" filling a name here " would like to add you as a contact in his/her TeamViewer contacts list.

    i've been using teamviewer for a fer years now but this has only started with in the last few months

    to be fair i just delete them as i've never ask them to contact me or add me to anyone that works for them

    i think may be i should give them a call about it as i've never asked them to contact me via email unless i've called in with a problem

    ( unless anyone else that uses teamviewer know if they are ok or not )

    1. Usamah

      Re: keep getting odd emails from

      I've had quite a few of these email requests asking to be added as a Teamviewer friend, all of which were immediately deleted. If only Teamviewer users received such requests, this would raise further concerns about their security. On the other hand, if these emails are going to anyone regardless of whether they are signed up to Teamviewer, then it's just phishing.

  16. steamnut

    Amazing coincidence

    I just checked the TeamViewer website and there is a really strong denial on the home page and the company suggests that users should be careful with their passwords etc etc.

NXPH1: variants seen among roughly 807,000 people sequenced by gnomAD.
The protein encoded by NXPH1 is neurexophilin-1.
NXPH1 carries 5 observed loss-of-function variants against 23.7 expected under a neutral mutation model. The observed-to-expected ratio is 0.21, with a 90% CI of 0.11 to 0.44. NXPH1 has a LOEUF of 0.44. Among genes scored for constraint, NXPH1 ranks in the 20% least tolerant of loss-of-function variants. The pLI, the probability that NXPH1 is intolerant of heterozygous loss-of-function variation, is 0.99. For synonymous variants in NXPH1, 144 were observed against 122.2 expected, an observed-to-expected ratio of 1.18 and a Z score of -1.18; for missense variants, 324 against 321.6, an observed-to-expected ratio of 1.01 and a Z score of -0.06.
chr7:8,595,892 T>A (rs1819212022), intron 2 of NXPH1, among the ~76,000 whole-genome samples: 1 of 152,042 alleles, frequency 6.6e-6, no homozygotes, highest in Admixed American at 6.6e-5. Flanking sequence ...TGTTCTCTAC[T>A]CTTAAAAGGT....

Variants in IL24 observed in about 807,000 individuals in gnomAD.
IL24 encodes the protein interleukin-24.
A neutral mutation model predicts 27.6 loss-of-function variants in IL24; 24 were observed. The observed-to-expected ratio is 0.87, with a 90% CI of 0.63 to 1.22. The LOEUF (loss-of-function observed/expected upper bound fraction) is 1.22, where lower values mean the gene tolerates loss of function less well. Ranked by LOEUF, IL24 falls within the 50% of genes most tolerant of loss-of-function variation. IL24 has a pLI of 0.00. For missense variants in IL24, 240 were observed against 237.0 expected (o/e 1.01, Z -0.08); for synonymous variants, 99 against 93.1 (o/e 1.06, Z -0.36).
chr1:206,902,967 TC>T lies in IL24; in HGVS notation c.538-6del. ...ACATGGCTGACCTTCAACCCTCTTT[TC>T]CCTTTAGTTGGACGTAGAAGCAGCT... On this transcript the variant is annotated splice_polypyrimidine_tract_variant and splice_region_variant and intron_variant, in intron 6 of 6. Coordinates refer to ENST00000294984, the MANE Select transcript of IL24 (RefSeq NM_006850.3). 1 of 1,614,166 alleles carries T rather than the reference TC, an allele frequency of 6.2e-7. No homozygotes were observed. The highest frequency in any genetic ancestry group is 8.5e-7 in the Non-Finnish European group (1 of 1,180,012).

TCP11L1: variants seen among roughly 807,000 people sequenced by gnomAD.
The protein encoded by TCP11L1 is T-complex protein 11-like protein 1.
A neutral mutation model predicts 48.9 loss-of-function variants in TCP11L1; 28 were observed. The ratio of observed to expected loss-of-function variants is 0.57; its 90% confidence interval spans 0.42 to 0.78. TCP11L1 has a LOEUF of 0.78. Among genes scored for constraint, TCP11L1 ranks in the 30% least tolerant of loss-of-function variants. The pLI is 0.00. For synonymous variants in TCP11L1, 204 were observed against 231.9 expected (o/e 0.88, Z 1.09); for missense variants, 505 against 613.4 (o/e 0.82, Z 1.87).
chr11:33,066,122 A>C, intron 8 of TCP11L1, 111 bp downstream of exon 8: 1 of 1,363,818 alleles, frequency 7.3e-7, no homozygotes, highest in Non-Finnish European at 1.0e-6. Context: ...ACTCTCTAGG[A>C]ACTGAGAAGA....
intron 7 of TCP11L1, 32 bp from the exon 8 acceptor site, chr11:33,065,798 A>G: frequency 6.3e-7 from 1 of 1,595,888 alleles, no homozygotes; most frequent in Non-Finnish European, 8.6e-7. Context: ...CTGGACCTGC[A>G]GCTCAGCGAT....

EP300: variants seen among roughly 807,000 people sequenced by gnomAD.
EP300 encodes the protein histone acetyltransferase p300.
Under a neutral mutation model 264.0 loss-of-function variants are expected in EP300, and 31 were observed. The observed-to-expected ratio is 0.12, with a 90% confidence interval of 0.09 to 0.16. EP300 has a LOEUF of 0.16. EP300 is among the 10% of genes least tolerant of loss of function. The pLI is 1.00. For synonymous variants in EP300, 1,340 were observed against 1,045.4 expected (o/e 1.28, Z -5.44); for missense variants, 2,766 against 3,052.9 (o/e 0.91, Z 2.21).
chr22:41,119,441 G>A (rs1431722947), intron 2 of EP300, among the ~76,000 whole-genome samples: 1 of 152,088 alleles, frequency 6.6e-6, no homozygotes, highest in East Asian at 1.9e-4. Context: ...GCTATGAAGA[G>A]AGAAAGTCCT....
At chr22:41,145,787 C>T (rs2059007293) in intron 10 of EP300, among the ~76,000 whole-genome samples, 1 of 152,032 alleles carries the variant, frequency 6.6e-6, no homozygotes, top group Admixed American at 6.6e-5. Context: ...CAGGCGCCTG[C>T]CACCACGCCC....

They must be using Tony Blair's PR company as the coincidence and timing of the attacks is just too great to bat back to it's users.

    TeamvVewer now removed from all of my systems.....

  17. Anonymous Coward
    Anonymous Coward

    I feel like I want to be a hermit. I don't want to access the Internet any more. It seems the few nasties that exist around the world are the ones that are going to destroy things for others. I feel so sad for the future.

  18. Anonymous Coward
    Anonymous Coward

    How do they know their users are using passwords compromised on other sites unless they've got their own database unsalted and have done a text comparison against a list of breached passwords?

    Saying that, it is a very German thing to assume it's just "idiot" uses.

    1. Mpeler

      "A very German thing"

      Team viewer was bought a while back by a British (locust) Investment Company. So it's not a German company anymore calling the shots, as it were... (though I suspect they may be drinking the shots right now).

  19. DrM


    Admit nothing. Deny everything. Make counter-accusations.

    1. Doctor Syntax Silver badge

      Re: S.O.P.

      "Admit nothing. Deny everything. Make counter-accusations."

      Which ought to result in punitive damages.

  20. Anonymous Coward
    Anonymous Coward

    pardon my ignorance but..